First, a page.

BT has launched a competition to find five locations in the UK most in need of high speed fibre broadband.
The company has also rolled out a nationwide survey to see how much potential demand there is for next generation broadband. It will run until 31 December and is designed to let communities help BT identify hotspots where demand is high and influence its future deployment plans.
The ‘Race to Infinity' competition is linked to the survey as BT has promised to fund five exchanges with the highest demand for fibre broadband by early 2012. The competition could see commercially viable exchanges brought forward to the front of the queue or non-viable exchanges added to the deployment plans, it said.
BT has also promised to work with any community that expresses a ‘high level of demand' so it can explore bringing fibre broadband to the area.
The company only last week announced its plans for the UK's biggest fibre optic rollout in rural Cornwall. Over 90 percent of homes in the region will be able to get speedy broadband by 2014 and it is hoped the project will act as a blueprint for future rural schemes.
BT said it has brought fibre broadband to 4m premises by the end of 2010 but will still have some 12m homes and businesses to connect as part of its plan to delver fibre broadband to two thirds of the UK by 2015. It believes the survey offers communities the chance to make their voices heard and decide where else should receive the speedy service.
Gavin Patterson, BT Retail CEO said: "The Race to Infinity is an opportunity for the country to make its voice heard. We want to hear from towns and villages across the UK and so I would encourage people to take part and register their interest."
Communications Minister Ed Vaizey said: "Whenever I travel around the UK I hear the same message: people want access to superfast broadband in their communities. I warmly welcome any initiative that will lead to private sector investment in fibre networks, and applaud the way BT is engaging consumers to ensure that investment reaches the people who want it the most."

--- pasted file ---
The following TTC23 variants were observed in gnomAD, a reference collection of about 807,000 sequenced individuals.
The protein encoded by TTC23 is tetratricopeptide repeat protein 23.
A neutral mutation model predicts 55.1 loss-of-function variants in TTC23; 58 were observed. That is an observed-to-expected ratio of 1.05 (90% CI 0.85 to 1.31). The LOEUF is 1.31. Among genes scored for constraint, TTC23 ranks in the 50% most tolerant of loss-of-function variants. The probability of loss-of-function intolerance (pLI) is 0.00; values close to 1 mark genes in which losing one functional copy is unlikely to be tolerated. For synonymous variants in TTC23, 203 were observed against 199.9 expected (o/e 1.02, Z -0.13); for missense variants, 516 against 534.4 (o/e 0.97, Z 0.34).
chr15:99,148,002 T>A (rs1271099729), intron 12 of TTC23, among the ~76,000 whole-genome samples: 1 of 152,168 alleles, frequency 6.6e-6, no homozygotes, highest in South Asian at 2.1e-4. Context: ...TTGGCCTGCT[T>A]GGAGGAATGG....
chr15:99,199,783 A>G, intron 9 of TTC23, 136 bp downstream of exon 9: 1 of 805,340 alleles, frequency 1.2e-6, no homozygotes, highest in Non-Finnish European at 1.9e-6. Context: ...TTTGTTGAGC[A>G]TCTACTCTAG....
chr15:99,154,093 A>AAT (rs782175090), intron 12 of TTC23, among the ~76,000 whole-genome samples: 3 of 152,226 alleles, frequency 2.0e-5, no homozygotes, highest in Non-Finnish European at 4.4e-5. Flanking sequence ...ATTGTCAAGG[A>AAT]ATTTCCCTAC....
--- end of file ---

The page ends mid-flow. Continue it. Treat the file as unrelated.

Meanwhile, fellow ISP Sky Broadband has admitted that copyright holders pay for ISPs to hand over details of customers suspected of sharing or downloading copyright files, The Inquirer reported.
Sky Broadband as well as a couple of other ISPs have found themselves in hot water following the ACS:Law fiasco as some of their customers' details were published online by 4Chan.
The Inquirer said it has received an email of an image that seems to be a price list for Sky to look up some customers' names and addresses to match IP addresses handed over by copyright holders.
This, if true, might fly in the face of Sky's stance that it handed over customer details to ACS:Law following a court order forcing it to do so.
The website has discovered that the court order does not include postage (which the ISP and/or copyright holder pays) but costs are around £1 per IP address for about 5,000 letters.
Commenting on the allegations, a Sky Spokesperson reportedly said: "It is wrong to suggest that we have provided information for commercial reasons. This is simply a question of complying with a legally-binding Order and recovering the reasonable costs of doing so."
While it seems extremely unlikely Sky would risk ignoring data protection rules and its reputation for a tiny amount of money, the idea of ISPs and copyright holders wrangling over recoup costs is unlikely to appeal to its customers.